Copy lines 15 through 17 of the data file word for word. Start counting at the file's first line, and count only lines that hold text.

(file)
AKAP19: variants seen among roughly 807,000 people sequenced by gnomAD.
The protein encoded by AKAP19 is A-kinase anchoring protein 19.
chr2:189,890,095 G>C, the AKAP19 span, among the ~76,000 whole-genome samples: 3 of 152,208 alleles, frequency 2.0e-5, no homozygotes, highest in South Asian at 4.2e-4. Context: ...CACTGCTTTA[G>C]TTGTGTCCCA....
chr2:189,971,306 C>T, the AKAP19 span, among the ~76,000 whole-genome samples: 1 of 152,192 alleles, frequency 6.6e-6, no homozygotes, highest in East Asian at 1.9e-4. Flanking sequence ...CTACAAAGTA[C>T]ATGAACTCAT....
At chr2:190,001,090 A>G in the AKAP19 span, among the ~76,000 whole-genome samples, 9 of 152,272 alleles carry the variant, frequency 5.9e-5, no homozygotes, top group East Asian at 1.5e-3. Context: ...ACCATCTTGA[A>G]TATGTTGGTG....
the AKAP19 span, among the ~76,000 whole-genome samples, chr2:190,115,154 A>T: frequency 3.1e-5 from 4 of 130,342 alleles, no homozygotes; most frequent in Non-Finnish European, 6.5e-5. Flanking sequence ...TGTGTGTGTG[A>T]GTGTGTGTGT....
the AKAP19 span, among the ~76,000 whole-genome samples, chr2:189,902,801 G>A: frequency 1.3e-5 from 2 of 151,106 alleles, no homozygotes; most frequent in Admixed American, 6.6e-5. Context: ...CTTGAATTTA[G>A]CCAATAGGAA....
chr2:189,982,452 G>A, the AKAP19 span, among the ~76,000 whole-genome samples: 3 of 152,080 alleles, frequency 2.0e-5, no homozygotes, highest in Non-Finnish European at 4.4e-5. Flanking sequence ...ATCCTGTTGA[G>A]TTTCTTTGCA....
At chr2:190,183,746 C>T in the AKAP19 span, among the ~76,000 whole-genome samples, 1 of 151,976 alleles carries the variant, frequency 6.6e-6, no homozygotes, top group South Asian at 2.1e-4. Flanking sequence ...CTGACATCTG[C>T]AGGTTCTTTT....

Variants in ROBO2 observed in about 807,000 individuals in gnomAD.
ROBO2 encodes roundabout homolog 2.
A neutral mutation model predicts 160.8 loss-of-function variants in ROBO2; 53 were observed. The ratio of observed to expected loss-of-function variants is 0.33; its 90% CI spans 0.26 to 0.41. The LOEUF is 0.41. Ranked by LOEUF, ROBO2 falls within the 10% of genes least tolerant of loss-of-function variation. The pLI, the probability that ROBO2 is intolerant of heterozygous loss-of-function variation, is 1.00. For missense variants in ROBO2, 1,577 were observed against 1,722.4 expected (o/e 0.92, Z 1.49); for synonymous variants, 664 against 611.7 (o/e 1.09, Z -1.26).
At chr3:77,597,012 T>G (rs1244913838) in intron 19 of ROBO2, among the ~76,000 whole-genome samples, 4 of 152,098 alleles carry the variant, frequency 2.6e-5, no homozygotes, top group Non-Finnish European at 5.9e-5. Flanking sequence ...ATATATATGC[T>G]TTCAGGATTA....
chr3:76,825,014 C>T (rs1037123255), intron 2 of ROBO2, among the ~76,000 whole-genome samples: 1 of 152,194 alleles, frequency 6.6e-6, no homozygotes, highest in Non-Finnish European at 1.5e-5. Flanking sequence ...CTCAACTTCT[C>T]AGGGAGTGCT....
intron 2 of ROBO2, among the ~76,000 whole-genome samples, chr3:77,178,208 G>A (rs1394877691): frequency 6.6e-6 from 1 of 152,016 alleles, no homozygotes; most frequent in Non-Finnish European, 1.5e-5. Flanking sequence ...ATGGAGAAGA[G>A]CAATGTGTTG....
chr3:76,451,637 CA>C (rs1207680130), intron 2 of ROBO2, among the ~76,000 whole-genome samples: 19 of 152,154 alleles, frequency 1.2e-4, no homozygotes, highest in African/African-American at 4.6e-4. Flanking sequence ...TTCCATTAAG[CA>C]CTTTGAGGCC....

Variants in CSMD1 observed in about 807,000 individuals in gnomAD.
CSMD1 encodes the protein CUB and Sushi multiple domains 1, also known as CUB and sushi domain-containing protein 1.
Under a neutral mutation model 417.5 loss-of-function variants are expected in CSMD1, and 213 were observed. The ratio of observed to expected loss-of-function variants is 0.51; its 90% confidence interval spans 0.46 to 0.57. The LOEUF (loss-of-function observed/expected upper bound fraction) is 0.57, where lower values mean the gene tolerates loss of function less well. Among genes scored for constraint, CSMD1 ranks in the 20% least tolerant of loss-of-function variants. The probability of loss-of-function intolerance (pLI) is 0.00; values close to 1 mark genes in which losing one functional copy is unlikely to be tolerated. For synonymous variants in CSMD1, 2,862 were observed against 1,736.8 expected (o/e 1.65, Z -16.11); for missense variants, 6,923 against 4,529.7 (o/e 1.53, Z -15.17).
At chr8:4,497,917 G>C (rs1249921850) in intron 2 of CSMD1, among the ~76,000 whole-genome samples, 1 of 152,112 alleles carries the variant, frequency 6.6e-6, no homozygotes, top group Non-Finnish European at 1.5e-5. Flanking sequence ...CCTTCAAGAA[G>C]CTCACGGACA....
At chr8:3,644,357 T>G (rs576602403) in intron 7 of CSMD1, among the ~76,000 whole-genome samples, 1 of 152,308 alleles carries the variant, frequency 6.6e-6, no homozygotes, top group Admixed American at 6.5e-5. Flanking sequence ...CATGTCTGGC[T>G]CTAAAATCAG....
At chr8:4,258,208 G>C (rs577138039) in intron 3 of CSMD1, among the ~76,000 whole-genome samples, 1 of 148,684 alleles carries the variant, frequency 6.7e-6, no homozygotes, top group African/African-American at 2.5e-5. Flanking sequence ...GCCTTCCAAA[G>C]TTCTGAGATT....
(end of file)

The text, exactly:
intron 2 of ROBO2, among the ~76,000 whole-genome samples, chr3:77,178,208 G>A (rs1394877691): frequency 6.6e-6 from 1 of 152,016 alleles, no homozygotes; most frequent in Non-Finnish European, 1.5e-5. Flanking sequence ...ATGGAGAAGA[G>A]CAATGTGTTG....
chr3:76,451,637 CA>C (rs1207680130), intron 2 of ROBO2, among the ~76,000 whole-genome samples: 19 of 152,154 alleles, frequency 1.2e-4, no homozygotes, highest in African/African-American at 4.6e-4. Flanking sequence ...TTCCATTAAG[CA>C]CTTTGAGGCC....

Variants in CSMD1 observed in about 807,000 individuals in gnomAD.